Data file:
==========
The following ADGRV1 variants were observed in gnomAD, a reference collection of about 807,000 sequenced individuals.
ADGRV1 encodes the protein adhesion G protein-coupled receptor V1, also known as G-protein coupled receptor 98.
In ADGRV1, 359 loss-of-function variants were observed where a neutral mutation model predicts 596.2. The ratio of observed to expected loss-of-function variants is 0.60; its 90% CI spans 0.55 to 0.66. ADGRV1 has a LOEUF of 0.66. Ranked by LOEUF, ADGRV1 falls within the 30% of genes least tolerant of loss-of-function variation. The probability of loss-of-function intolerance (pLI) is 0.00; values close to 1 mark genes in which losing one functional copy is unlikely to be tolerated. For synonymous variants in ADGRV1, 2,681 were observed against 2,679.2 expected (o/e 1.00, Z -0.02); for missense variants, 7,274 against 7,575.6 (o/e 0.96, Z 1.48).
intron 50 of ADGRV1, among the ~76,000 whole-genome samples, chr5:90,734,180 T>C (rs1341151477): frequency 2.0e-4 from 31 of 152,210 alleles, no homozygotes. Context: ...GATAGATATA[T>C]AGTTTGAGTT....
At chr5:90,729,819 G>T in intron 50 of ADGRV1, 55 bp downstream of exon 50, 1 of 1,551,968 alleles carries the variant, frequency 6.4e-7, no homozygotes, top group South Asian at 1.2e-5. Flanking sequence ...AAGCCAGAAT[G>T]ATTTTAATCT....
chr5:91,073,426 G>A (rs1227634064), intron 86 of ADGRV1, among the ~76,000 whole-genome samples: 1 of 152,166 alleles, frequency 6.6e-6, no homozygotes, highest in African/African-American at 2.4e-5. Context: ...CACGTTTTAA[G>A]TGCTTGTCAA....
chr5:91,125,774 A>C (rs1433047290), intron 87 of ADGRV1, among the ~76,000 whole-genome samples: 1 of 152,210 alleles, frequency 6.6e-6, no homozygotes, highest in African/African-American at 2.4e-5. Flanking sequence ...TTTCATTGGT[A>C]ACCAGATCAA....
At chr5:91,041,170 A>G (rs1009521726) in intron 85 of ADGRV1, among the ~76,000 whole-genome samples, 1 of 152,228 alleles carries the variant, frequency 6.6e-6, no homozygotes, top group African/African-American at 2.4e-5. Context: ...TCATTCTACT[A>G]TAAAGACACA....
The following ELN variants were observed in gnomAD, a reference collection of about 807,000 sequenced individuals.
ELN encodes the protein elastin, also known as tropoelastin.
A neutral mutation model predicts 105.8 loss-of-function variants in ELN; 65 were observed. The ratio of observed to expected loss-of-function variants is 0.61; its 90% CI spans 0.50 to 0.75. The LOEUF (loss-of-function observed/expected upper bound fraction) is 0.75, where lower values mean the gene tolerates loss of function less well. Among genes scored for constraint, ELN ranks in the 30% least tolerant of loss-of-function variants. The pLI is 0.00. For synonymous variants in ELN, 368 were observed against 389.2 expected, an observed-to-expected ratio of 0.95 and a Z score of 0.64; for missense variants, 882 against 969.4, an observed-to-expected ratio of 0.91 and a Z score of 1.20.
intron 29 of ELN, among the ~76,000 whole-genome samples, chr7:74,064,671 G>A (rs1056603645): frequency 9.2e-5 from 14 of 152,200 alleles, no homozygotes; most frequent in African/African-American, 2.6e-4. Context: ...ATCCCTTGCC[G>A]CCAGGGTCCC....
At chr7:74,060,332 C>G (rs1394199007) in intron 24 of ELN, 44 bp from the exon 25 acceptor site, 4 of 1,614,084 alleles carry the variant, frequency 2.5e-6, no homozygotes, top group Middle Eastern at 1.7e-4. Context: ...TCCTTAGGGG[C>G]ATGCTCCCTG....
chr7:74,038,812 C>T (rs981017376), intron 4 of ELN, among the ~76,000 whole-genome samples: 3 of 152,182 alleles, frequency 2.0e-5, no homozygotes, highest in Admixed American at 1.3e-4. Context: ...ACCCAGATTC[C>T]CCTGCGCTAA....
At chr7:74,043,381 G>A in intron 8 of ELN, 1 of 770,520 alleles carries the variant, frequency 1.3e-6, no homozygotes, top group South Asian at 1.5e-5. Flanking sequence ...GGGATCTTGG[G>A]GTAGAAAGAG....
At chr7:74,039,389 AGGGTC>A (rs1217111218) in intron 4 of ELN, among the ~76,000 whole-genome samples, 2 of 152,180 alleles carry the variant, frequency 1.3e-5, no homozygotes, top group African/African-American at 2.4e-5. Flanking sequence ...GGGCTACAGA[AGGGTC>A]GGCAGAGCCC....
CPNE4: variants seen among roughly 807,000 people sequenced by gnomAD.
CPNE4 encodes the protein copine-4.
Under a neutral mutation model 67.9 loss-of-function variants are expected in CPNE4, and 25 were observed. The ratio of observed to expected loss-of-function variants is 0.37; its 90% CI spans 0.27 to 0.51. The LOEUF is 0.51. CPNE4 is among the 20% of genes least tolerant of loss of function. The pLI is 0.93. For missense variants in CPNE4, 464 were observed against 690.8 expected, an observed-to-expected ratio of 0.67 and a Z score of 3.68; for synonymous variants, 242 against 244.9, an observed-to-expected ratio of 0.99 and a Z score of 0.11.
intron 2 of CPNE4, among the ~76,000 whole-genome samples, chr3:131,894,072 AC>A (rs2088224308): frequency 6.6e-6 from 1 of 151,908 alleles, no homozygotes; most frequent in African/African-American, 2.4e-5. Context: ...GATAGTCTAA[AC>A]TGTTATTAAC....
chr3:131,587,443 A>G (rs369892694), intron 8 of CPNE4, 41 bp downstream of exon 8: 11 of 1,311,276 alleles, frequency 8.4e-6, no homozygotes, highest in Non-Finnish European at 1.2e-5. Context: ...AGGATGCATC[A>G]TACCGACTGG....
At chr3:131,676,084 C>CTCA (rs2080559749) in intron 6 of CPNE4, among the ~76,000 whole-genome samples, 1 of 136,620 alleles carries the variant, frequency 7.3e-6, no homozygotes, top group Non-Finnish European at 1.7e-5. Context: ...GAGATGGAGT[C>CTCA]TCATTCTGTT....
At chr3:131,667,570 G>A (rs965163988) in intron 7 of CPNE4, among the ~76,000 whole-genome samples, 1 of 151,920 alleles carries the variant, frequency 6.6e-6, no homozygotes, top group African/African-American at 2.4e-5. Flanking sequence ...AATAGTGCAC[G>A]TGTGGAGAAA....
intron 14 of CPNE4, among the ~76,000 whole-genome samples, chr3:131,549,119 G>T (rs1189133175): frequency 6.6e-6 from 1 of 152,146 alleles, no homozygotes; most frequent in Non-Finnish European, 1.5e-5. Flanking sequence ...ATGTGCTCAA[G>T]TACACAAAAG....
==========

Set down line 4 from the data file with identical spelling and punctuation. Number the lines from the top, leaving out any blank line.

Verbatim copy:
intron 50 of ADGRV1, among the ~76,000 whole-genome samples, chr5:90,734,180 T>C (rs1341151477): frequency 2.0e-4 from 31 of 152,210 alleles, no homozygotes. Context: ...GATAGATATA[T>C]AGTTTGAGTT....